BURNABY, B.C. — There is a four-litre jug of water at Serge Ibaka’s feet. It is nearly empty. It is barely lunch time. Clearly, Ibaka takes his hydration seriously. He drinks more water before his second meal of the day than most mortals drink in a week.
He’s so serious about his intake that not only does the NBA veteran make sure he gets the desirable volume of fluids to keep his six-foot-10, 250-pound machine properly lubricated through the course of his 10th training camp, he’s careful about the timing too.
“How much more will you drink today?”
“Just a little bit more,” he says.
“I don’t want to wake up in the middle of the night to pee. It affects my sleeping,” he says. “I need my rest.”
If success is in the details – get all your serious water drinking done before dinner so you can sleep pee-free, for example — then Ibaka could be setting himself up for his best year yet in his second full season in Toronto after being acquired at the trade deadline in 2017.
It would be welcomed. Ibaka is third on the Raptors’ salary depth chart and has two seasons (including 2018-19) and $45 million left on his deal, but he’s coming off one of the least productive years of his career and a playoff run that was flat-out disastrous.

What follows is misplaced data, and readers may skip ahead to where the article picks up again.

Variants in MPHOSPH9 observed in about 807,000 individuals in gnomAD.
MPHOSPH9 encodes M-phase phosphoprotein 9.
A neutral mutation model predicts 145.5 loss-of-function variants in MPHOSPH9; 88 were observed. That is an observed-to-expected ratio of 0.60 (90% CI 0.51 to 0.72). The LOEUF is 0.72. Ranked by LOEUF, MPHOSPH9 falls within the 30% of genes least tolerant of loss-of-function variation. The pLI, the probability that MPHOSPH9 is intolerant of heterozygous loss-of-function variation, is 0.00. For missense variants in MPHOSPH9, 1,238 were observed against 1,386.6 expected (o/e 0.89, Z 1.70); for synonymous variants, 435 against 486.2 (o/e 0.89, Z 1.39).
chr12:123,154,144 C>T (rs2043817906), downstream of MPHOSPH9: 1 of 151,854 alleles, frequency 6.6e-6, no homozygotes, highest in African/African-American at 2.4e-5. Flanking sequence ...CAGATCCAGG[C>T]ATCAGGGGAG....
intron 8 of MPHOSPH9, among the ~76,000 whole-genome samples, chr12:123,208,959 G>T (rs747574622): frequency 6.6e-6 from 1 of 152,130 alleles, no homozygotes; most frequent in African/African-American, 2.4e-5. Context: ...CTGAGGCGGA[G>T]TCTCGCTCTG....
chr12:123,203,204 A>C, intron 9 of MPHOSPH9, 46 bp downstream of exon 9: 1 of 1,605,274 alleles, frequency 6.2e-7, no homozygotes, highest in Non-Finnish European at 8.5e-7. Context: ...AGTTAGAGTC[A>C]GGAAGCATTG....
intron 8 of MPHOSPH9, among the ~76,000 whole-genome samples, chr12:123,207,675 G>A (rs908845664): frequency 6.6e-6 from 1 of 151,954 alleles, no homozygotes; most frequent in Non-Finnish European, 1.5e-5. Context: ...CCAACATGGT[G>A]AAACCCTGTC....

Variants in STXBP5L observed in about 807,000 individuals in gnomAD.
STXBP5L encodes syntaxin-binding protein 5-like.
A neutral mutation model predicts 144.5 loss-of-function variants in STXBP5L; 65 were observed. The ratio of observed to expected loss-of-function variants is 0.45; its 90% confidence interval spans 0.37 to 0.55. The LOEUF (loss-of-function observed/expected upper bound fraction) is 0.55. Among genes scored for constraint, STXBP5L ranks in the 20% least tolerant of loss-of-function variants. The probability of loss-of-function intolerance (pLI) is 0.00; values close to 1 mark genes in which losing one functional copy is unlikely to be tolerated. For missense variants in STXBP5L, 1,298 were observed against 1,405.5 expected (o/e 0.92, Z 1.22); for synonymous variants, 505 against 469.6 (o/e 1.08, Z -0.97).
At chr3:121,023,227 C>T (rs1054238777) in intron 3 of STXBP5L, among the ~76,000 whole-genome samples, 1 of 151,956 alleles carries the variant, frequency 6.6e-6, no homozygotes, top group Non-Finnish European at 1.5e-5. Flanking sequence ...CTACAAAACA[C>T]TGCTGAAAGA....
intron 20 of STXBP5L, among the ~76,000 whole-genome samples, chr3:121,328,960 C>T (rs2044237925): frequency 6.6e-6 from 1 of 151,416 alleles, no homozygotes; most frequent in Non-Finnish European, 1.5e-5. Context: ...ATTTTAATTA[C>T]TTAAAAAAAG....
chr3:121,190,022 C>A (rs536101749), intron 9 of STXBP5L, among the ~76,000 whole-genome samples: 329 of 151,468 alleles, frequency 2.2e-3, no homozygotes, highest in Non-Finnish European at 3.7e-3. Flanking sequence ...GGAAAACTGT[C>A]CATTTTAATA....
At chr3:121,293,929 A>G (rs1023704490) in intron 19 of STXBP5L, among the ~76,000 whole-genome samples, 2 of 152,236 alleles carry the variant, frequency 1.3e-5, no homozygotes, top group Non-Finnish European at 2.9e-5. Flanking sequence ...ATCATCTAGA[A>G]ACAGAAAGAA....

During the regular season he averaged 12.6 points and 6.3 rebounds a game while shooting 48 per cent from the floor and chipping in 1.3 blocks a game – across the board lows since he became a full-time starter in the 2011-12 season with Oklahoma City. His three-point shooting slipped to 36 per cent from the 39.9 per cent rate he converted the season before, and in the playoffs everything got worse.
He came out of the gates with a massive showing against Washington in Game 1 (23 points, 12 rebounds and three triples) of the Raptors’ first-round series and then disappeared for the next seven games (6.5 points a game on 32 per cent shooting) before a slight uptick in Game 4 of the second round as the Raptors were swept by Cleveland.